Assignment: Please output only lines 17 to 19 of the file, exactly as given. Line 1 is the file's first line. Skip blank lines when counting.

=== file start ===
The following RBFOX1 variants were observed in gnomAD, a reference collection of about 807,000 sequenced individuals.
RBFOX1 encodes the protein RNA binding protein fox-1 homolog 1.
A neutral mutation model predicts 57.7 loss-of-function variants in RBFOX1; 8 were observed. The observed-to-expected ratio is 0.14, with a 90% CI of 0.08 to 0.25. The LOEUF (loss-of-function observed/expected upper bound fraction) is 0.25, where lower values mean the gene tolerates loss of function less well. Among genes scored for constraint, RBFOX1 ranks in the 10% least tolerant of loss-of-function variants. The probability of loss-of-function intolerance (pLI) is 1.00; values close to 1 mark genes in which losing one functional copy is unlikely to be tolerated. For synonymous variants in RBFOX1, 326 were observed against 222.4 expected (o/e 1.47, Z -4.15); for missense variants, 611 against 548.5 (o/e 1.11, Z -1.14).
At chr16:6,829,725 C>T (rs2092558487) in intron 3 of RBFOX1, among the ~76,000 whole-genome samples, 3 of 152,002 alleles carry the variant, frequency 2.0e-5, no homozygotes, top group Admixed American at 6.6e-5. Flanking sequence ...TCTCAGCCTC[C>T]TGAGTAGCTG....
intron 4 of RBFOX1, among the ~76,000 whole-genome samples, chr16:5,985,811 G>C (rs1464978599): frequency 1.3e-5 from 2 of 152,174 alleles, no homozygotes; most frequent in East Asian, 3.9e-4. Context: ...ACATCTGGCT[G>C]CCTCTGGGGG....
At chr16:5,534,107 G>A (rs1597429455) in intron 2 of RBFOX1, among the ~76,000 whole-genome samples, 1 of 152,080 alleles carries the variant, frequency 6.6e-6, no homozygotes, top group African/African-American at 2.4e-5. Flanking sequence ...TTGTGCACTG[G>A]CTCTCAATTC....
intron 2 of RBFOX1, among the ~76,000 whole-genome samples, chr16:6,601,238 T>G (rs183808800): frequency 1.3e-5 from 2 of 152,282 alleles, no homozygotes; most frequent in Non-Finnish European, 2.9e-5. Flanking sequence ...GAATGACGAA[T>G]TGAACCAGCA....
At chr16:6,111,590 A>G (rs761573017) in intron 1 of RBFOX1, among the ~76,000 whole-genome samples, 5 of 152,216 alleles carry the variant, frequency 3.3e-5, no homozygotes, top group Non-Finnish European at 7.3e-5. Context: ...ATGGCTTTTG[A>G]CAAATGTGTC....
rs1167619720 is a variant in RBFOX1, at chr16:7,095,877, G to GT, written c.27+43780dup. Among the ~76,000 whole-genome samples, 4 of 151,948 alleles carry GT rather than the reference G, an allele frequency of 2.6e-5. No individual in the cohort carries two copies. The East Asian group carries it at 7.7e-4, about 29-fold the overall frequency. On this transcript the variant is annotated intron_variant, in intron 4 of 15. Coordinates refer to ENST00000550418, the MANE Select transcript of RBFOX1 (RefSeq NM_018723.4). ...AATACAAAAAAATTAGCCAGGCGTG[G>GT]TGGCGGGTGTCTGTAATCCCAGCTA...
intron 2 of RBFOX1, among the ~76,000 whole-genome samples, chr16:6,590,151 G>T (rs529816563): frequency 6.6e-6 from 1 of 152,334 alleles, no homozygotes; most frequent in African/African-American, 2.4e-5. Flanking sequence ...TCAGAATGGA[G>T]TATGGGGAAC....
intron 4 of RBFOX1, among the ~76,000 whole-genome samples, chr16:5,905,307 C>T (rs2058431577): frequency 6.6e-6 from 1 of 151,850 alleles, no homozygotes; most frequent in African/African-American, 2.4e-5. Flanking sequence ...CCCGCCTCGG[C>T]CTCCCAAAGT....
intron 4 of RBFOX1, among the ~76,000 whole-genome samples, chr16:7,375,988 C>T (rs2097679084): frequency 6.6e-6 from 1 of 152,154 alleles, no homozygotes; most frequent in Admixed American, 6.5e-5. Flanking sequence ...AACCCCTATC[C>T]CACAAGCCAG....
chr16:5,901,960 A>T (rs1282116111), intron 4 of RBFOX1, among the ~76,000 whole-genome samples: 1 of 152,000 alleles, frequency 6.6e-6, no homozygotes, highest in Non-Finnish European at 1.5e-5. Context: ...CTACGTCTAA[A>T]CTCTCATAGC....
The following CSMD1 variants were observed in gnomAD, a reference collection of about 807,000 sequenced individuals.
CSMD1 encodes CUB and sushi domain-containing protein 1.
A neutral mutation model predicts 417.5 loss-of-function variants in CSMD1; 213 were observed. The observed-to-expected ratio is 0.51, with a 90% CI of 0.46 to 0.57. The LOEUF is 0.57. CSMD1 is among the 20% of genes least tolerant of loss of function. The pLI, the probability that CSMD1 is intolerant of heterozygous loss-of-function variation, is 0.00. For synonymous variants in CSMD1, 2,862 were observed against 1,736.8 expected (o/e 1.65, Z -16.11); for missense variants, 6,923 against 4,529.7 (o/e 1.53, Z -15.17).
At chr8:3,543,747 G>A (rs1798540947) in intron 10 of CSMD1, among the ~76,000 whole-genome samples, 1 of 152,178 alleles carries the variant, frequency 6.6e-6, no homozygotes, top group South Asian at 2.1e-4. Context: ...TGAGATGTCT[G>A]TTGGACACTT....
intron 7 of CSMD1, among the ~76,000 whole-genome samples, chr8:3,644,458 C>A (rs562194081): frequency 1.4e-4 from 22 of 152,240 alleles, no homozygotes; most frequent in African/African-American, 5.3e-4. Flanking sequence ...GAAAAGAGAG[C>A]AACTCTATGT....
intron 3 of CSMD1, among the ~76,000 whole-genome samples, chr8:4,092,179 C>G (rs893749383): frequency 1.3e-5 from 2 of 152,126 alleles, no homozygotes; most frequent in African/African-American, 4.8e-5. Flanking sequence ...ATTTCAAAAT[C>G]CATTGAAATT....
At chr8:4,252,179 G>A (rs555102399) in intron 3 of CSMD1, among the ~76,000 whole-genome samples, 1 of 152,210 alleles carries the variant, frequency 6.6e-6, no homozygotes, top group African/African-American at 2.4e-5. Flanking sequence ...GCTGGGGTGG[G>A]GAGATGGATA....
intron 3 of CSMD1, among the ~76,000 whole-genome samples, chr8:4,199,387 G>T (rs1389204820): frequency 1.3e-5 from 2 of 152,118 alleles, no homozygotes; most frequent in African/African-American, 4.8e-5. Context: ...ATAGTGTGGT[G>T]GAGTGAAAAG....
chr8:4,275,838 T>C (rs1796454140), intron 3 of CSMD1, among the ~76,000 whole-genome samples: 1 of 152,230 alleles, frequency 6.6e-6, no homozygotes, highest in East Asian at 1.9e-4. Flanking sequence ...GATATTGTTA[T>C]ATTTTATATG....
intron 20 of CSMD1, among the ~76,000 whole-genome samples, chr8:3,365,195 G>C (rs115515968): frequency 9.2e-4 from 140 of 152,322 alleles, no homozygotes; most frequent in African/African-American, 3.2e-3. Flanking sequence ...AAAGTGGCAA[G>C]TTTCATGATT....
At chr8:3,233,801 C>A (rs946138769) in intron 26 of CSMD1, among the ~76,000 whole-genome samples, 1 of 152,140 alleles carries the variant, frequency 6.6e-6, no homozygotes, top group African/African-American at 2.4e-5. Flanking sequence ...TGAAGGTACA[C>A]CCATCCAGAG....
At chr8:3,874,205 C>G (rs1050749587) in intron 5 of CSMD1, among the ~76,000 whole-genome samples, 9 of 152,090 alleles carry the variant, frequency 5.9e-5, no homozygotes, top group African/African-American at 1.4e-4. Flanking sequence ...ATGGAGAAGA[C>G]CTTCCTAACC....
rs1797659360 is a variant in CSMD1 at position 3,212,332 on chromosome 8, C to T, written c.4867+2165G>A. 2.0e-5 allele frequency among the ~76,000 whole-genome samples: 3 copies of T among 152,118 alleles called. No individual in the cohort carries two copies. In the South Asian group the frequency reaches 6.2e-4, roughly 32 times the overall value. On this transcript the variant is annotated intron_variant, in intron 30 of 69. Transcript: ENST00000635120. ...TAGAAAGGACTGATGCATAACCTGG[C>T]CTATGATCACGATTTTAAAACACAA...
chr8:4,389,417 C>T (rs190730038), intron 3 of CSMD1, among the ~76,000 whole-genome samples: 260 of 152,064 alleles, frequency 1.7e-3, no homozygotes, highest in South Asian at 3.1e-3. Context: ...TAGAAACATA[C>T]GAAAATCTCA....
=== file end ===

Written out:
At chr8:3,543,747 G>A (rs1798540947) in intron 10 of CSMD1, among the ~76,000 whole-genome samples, 1 of 152,178 alleles carries the variant, frequency 6.6e-6, no homozygotes, top group South Asian at 2.1e-4. Context: ...TGAGATGTCT[G>A]TTGGACACTT....
intron 7 of CSMD1, among the ~76,000 whole-genome samples, chr8:3,644,458 C>A (rs562194081): frequency 1.4e-4 from 22 of 152,240 alleles, no homozygotes; most frequent in African/African-American, 5.3e-4. Flanking sequence ...GAAAAGAGAG[C>A]AACTCTATGT....
intron 3 of CSMD1, among the ~76,000 whole-genome samples, chr8:4,092,179 C>G (rs893749383): frequency 1.3e-5 from 2 of 152,126 alleles, no homozygotes; most frequent in African/African-American, 4.8e-5. Flanking sequence ...ATTTCAAAAT[C>G]CATTGAAATT....